The Feast Day of St. Boniface
At the beginning of his highly successful missionary career in Hesse, St. Boniface chopped down the Sacred Oak of Geismar, a giant tree sacred to the god Thor. Allegedly it fell after only four blows and broke into four pieces, because it was rotten.
This is one of those treasured old stories that makes me a bit ashamed to be a Christian. As a student of the psyche I know how important sacred trees are in the nourishment of the soul. Without them something in us withers. We are diminished.
Somehow our forebears in the faith often had the idea that it was all right to come into a foreign domain, set up shop and destroy the local culture and religion. It is the same mentality that in the U.S. in more recent times had us removing Arapaho children from their homes and placing them in boarding schools, where the children were not allowed to speak their own language or follow their ancient ways. What destructive arrogance!
I have to admit to vacillating between being mystified and being horrified by all the stories of saints in which Christianity was delivered to the “heathen” by force. Wasn’t one of the temptations Jesus resisted in the wilderness taking charge of the world and holding dominion over it?
Granted, I didn’t live in the times or places in which our holy men and women wreaked such devastation, and I am from a much different culture. This leaves me somewhat unable to judge what happened. But at the very least it is not right to unequivocally celebrate the destruction of artifacts from other people’s religions.
As I write this my conscience is asserting itself and reminding me that I can get quite caught up in the role of Crusader myself. When I am just certain that I am right about something, I often don’t listen well to other points of view. In fact I can get downright underhanded when it comes to having things work out my way. Again, what destructive arrogance!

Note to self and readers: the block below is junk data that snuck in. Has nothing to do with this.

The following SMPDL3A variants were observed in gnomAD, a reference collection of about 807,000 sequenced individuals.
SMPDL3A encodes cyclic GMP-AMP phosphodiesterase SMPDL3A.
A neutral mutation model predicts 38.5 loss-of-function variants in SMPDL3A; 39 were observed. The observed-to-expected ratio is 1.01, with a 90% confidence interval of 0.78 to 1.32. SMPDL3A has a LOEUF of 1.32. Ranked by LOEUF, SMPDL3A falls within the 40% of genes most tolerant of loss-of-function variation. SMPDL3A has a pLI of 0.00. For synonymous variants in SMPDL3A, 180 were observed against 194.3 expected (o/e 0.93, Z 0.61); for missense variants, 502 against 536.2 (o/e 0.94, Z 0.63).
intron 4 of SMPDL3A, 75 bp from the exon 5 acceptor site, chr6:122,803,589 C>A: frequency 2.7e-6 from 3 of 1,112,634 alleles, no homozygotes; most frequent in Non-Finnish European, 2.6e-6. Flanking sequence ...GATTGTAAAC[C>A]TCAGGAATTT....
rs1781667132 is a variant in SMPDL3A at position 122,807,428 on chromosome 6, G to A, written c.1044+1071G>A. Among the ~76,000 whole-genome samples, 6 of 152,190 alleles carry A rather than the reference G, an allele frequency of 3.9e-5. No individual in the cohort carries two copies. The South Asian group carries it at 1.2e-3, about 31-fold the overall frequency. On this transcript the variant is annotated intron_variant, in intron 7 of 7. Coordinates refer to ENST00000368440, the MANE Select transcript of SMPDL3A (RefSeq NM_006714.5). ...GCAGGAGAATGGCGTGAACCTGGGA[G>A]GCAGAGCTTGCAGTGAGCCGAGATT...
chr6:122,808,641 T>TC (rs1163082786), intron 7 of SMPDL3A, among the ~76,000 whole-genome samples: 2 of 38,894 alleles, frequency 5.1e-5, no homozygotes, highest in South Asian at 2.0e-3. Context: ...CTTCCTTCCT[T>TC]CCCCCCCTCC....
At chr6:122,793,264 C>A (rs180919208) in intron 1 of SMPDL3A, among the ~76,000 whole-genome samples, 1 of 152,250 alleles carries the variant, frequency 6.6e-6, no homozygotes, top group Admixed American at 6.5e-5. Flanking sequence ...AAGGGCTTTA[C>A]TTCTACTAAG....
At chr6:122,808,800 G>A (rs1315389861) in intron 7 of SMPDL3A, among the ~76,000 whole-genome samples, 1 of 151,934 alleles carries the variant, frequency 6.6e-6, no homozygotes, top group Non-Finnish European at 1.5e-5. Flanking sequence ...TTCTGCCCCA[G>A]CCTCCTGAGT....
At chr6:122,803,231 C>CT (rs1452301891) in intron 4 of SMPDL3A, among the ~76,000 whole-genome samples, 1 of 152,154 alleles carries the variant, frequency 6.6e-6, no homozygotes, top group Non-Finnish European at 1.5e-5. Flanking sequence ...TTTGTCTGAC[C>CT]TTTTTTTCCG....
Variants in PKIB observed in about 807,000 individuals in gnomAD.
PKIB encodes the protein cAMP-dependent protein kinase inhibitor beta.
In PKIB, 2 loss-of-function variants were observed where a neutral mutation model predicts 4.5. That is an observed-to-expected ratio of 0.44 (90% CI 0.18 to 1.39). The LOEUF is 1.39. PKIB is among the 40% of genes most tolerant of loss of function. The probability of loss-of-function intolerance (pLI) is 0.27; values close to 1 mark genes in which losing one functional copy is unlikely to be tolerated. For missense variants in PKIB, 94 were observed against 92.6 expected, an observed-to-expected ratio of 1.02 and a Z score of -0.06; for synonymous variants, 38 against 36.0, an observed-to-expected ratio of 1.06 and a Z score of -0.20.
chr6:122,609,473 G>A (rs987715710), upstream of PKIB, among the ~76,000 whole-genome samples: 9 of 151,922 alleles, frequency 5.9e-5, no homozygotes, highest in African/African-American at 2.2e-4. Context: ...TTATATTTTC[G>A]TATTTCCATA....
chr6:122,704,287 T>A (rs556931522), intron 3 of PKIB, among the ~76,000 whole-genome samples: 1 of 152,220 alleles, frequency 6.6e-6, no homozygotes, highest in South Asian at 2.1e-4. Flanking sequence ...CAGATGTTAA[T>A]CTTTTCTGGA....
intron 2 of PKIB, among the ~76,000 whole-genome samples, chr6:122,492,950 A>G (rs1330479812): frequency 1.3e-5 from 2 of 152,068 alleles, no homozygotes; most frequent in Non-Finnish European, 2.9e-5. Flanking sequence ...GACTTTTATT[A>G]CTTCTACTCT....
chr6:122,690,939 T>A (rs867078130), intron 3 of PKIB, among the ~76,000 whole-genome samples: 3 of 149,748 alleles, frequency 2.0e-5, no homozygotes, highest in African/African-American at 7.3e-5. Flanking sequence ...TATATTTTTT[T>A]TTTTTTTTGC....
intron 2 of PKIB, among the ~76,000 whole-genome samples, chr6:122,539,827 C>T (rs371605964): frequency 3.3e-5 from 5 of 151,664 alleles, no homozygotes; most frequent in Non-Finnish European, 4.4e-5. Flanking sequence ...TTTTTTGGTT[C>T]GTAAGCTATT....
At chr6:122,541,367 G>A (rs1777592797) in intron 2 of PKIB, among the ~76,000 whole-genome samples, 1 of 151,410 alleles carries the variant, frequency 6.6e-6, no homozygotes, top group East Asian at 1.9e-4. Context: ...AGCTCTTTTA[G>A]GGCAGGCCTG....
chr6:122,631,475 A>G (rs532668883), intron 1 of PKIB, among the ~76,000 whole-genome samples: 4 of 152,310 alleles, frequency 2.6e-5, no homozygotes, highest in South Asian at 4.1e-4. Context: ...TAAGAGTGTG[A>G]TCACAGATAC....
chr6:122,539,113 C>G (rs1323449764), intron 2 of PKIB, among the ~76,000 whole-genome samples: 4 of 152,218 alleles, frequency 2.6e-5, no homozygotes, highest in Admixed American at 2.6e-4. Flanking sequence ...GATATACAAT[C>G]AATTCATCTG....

It is confusing and frightening to contemplate how to proclaim the news about repentance and forgiveness of sins in Christ’s name to all nations (Luke 24:47) in this age. There are so many cultures, ethnicities and faiths, and each deserves our respect. And this at a time when we are just learning that our fall-back position – ensconcing ourselves in a church, making it lively and inviting, and hoping that people will come for the experience and stay – is proving untenable.
What should we do? At the very least, we need to gather together in churches and dioceses and address the questions surrounding evangelism. Perhaps God will guide us into a new understanding.
Laurie Gudim is a religious iconographer and liturgical artist, a writer and lay preacher living in Fort Collins, CO. See her work online at Everyday Mysteries.